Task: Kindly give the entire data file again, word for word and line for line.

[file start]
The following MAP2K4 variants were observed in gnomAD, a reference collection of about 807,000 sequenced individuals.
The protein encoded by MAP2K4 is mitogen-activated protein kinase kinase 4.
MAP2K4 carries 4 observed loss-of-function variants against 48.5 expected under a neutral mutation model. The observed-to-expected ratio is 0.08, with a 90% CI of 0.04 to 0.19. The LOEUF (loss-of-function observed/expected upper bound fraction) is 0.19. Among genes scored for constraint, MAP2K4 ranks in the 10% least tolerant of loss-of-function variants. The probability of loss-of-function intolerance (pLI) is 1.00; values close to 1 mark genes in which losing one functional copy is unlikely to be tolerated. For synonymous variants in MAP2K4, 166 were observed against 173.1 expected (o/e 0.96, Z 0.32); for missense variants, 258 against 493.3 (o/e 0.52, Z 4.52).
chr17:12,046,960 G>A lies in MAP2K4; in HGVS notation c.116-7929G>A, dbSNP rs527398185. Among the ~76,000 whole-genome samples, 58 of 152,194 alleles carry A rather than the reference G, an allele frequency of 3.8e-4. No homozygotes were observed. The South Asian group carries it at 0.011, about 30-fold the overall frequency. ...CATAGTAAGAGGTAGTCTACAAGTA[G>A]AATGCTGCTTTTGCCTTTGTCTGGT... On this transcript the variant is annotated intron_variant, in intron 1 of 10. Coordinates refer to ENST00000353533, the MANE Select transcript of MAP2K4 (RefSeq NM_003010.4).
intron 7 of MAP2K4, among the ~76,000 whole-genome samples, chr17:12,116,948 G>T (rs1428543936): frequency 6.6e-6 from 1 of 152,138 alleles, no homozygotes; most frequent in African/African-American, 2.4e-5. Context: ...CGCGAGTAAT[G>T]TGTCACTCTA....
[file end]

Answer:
The following MAP2K4 variants were observed in gnomAD, a reference collection of about 807,000 sequenced individuals.
The protein encoded by MAP2K4 is mitogen-activated protein kinase kinase 4.
MAP2K4 carries 4 observed loss-of-function variants against 48.5 expected under a neutral mutation model. The observed-to-expected ratio is 0.08, with a 90% CI of 0.04 to 0.19. The LOEUF (loss-of-function observed/expected upper bound fraction) is 0.19. Among genes scored for constraint, MAP2K4 ranks in the 10% least tolerant of loss-of-function variants. The probability of loss-of-function intolerance (pLI) is 1.00; values close to 1 mark genes in which losing one functional copy is unlikely to be tolerated. For synonymous variants in MAP2K4, 166 were observed against 173.1 expected (o/e 0.96, Z 0.32); for missense variants, 258 against 493.3 (o/e 0.52, Z 4.52).
chr17:12,046,960 G>A lies in MAP2K4; in HGVS notation c.116-7929G>A, dbSNP rs527398185. Among the ~76,000 whole-genome samples, 58 of 152,194 alleles carry A rather than the reference G, an allele frequency of 3.8e-4. No homozygotes were observed. The South Asian group carries it at 0.011, about 30-fold the overall frequency. ...CATAGTAAGAGGTAGTCTACAAGTA[G>A]AATGCTGCTTTTGCCTTTGTCTGGT... On this transcript the variant is annotated intron_variant, in intron 1 of 10. Coordinates refer to ENST00000353533, the MANE Select transcript of MAP2K4 (RefSeq NM_003010.4).
intron 7 of MAP2K4, among the ~76,000 whole-genome samples, chr17:12,116,948 G>T (rs1428543936): frequency 6.6e-6 from 1 of 152,138 alleles, no homozygotes; most frequent in African/African-American, 2.4e-5. Context: ...CGCGAGTAAT[G>T]TGTCACTCTA....